In my review of Divergent, I didn’t reveal a significant choice the main character, Tris, made early on in the book. When I linked to a review by Presenting Lenore, I said “Warning: slight spoiler there about what faction Tris selects. So don’t click if you don’t want to know; on the other hand, Tris makes her choice by page 47.” In the comments to my review, Lenore said, “Oops! I guess I should’ve had a spoiler warning. I just thought her choice was so obvious, I didn’t even think about it!!”
For Divergent, I was probably being ridiculously cautious. It did get me thinking, though…
How much — or how little — to give away in a review or discussion or book talk is hard!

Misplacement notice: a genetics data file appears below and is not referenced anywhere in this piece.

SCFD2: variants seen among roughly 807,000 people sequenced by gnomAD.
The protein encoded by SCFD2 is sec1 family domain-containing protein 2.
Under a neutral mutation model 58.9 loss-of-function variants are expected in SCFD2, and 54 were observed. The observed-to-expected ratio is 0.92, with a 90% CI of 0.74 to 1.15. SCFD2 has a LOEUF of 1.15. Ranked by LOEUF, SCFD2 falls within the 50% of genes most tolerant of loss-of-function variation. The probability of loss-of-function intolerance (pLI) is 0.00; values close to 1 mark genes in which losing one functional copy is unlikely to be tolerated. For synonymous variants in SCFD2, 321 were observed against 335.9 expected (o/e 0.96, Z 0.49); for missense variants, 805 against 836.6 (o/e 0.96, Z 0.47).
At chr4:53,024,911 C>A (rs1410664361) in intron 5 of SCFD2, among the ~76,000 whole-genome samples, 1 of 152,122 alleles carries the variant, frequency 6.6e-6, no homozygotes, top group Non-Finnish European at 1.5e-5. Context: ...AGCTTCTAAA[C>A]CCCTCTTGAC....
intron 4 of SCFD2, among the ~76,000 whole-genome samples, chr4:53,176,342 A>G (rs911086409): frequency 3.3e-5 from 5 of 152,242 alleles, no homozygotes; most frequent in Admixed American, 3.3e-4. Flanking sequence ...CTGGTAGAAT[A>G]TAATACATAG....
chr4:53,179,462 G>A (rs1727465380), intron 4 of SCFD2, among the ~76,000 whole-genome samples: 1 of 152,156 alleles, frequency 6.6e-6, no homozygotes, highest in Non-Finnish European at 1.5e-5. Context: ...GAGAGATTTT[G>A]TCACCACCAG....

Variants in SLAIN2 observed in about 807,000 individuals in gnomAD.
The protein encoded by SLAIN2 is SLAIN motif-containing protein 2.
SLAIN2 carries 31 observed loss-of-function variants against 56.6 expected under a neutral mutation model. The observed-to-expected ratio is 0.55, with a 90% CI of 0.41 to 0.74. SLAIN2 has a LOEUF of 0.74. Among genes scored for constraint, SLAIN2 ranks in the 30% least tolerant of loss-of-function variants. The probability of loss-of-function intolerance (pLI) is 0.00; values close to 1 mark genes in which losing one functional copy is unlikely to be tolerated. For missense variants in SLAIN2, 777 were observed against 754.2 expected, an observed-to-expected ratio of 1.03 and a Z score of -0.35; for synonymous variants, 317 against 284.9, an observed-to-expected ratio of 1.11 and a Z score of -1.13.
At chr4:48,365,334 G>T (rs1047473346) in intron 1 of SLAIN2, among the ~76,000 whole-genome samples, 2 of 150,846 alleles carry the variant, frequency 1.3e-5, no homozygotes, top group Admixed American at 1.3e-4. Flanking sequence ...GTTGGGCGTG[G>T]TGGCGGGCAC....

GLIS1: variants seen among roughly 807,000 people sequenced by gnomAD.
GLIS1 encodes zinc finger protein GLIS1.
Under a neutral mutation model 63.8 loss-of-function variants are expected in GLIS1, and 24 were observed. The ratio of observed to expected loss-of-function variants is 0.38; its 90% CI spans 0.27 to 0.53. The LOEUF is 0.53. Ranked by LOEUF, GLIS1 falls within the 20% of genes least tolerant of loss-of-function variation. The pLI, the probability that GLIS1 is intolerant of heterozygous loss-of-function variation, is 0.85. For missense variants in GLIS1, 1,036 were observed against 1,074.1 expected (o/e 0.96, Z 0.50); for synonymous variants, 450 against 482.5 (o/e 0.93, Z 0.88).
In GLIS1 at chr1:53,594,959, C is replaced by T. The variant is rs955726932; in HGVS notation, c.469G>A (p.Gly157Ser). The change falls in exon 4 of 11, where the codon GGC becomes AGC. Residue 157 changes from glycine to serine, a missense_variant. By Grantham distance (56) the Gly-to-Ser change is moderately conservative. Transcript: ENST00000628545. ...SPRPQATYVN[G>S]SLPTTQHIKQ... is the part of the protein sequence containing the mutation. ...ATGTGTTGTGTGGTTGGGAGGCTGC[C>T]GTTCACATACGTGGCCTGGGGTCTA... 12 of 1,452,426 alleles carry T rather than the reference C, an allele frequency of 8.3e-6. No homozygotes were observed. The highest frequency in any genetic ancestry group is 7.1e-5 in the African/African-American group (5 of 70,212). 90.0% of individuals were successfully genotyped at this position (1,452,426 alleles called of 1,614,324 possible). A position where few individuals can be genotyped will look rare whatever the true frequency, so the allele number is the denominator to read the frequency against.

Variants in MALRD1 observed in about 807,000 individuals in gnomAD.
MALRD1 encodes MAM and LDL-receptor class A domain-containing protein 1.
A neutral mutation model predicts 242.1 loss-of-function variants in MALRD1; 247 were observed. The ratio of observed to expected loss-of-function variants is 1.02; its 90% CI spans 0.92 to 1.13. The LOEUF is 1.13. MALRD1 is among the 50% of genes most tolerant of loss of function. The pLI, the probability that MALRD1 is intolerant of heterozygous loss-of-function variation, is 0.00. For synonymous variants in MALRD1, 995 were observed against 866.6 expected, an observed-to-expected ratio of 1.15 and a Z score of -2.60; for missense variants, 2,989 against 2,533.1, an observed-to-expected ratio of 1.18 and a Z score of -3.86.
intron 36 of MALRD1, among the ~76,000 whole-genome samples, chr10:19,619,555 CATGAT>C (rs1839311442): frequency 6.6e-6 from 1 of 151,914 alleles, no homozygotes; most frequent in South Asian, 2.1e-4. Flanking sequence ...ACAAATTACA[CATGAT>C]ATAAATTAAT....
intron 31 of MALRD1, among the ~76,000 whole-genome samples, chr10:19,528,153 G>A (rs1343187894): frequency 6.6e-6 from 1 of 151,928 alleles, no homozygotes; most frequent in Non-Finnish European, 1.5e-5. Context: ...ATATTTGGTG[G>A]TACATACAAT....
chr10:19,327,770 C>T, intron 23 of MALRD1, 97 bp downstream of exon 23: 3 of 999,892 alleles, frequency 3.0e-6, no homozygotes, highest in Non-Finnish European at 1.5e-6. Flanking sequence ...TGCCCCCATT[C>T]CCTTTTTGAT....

I once listened to a book talk that began, “Melinda was raped at a back to school party…. ” and I was like WHAT? You’re kidding me! How can you tell that up front!
Sometimes, for some books, I like discovering things for myself. Other times, though, it doesn’t matter to me whether or not I know the outcome of a book. As a matter of fact, knowing the ending can make me like a book more, because I get a better appreciation for things like plotting and characterization.
I also look at my blog posts as a mix of review (what works for the book), recommendation (hey, here is a cool book!) and discussion (can you believe what happened?).
And, to be honest, it also depends on how new the book is. At this point, given that Hunger Games is now a trilogy, it’s hardly a spoiler to say who won the Games in book one . . . unless, of course, you’re booktalking it as a recommendation.
What do you consider a spoiler? Does it matter to you as a reader? As a blogger, how much do you tell about what happens in a book?